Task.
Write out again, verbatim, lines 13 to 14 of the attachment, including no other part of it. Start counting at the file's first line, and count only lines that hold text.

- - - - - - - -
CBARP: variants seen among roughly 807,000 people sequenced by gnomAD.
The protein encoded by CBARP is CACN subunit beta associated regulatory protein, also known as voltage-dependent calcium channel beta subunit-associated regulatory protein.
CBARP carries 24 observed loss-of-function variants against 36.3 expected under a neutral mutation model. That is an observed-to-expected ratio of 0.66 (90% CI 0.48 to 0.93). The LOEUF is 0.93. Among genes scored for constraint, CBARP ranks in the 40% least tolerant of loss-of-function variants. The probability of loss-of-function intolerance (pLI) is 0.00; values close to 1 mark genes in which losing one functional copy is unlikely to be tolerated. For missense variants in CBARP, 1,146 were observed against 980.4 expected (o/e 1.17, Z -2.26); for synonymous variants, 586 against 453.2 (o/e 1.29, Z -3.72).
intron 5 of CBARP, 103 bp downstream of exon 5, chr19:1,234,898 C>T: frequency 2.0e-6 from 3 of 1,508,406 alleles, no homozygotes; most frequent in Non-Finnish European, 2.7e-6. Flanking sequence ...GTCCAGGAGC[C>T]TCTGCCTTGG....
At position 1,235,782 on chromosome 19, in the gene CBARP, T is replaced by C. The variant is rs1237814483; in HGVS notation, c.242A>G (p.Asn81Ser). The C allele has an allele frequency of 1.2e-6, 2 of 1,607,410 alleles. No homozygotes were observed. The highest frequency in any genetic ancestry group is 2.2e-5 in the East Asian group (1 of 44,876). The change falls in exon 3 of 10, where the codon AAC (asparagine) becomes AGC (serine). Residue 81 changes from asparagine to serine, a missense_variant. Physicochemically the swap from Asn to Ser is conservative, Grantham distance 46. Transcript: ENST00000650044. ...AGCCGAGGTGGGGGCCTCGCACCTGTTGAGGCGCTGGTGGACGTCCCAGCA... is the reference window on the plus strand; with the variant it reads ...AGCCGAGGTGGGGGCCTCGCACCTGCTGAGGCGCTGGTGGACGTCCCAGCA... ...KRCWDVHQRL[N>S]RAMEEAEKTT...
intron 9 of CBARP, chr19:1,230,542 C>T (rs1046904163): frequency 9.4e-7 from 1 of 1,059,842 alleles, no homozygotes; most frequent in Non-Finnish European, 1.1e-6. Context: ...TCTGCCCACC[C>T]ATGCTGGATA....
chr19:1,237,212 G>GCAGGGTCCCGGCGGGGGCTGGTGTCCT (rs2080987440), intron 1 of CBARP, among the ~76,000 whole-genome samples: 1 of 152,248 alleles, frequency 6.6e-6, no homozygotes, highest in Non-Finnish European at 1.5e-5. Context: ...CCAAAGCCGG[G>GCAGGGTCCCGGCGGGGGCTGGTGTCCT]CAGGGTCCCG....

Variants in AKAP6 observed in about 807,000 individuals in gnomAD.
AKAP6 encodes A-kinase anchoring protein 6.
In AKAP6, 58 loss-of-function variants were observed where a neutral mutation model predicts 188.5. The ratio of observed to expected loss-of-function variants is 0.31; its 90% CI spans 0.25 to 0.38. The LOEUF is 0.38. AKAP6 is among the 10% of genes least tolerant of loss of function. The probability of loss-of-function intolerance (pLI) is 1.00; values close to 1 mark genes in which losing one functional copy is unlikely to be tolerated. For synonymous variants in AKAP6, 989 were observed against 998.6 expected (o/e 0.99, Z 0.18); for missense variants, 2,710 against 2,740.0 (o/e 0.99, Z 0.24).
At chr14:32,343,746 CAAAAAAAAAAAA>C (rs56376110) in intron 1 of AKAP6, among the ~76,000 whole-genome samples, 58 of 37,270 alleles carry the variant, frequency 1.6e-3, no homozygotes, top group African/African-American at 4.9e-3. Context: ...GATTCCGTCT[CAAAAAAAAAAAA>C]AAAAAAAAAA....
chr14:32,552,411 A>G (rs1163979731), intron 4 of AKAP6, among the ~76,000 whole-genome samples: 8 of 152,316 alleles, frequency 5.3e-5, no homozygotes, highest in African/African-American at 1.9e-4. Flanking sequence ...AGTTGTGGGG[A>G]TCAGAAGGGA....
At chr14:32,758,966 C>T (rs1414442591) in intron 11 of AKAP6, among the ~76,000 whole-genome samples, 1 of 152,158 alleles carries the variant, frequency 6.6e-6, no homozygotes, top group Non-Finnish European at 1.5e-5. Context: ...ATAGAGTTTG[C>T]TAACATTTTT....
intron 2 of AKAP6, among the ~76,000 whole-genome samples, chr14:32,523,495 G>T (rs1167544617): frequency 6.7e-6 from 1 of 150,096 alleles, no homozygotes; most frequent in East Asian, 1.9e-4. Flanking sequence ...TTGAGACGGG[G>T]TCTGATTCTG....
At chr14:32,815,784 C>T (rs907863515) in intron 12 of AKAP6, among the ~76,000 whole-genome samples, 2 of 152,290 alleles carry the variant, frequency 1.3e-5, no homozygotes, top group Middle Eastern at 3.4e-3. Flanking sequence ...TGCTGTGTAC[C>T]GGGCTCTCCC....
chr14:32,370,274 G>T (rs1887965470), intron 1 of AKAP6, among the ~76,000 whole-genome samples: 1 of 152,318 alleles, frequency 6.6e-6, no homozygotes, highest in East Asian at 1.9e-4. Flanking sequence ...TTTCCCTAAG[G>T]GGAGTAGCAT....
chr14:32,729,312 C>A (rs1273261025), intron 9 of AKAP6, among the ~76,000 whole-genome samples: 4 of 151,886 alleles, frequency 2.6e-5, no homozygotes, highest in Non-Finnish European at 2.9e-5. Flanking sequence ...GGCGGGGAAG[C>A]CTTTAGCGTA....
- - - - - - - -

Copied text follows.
At chr14:32,758,966 C>T (rs1414442591) in intron 11 of AKAP6, among the ~76,000 whole-genome samples, 1 of 152,158 alleles carries the variant, frequency 6.6e-6, no homozygotes, top group Non-Finnish European at 1.5e-5. Context: ...ATAGAGTTTG[C>T]TAACATTTTT....
intron 2 of AKAP6, among the ~76,000 whole-genome samples, chr14:32,523,495 G>T (rs1167544617): frequency 6.7e-6 from 1 of 150,096 alleles, no homozygotes; most frequent in East Asian, 1.9e-4. Flanking sequence ...TTGAGACGGG[G>T]TCTGATTCTG....